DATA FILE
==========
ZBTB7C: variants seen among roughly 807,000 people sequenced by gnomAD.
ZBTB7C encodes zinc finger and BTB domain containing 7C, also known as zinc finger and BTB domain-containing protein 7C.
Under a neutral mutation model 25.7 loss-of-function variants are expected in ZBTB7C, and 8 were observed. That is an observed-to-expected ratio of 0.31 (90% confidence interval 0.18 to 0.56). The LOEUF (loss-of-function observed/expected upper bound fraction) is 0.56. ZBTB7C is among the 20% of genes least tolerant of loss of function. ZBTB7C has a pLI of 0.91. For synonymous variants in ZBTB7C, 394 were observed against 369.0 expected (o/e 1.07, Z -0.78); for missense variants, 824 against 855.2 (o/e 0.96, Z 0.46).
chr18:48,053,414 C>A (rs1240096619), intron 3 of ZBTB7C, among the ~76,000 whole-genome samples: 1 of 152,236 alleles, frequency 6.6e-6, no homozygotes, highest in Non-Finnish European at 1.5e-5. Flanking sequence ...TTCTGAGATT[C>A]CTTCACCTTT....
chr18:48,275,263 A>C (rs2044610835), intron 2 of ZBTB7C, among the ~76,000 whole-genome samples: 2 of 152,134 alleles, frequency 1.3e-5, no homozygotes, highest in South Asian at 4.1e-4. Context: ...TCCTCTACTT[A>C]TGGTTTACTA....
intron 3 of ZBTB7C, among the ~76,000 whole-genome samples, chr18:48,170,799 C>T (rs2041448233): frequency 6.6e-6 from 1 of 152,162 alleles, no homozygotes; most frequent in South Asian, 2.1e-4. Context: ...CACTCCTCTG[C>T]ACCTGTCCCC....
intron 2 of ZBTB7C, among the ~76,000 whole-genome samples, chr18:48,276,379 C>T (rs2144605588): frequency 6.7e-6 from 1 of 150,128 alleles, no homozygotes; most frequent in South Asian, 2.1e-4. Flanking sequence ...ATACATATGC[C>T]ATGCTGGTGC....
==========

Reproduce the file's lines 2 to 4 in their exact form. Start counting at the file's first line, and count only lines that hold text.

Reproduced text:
ZBTB7C encodes zinc finger and BTB domain containing 7C, also known as zinc finger and BTB domain-containing protein 7C.
Under a neutral mutation model 25.7 loss-of-function variants are expected in ZBTB7C, and 8 were observed. That is an observed-to-expected ratio of 0.31 (90% confidence interval 0.18 to 0.56). The LOEUF (loss-of-function observed/expected upper bound fraction) is 0.56. ZBTB7C is among the 20% of genes least tolerant of loss of function. ZBTB7C has a pLI of 0.91. For synonymous variants in ZBTB7C, 394 were observed against 369.0 expected (o/e 1.07, Z -0.78); for missense variants, 824 against 855.2 (o/e 0.96, Z 0.46).
chr18:48,053,414 C>A (rs1240096619), intron 3 of ZBTB7C, among the ~76,000 whole-genome samples: 1 of 152,236 alleles, frequency 6.6e-6, no homozygotes, highest in Non-Finnish European at 1.5e-5. Flanking sequence ...TTCTGAGATT[C>A]CTTCACCTTT....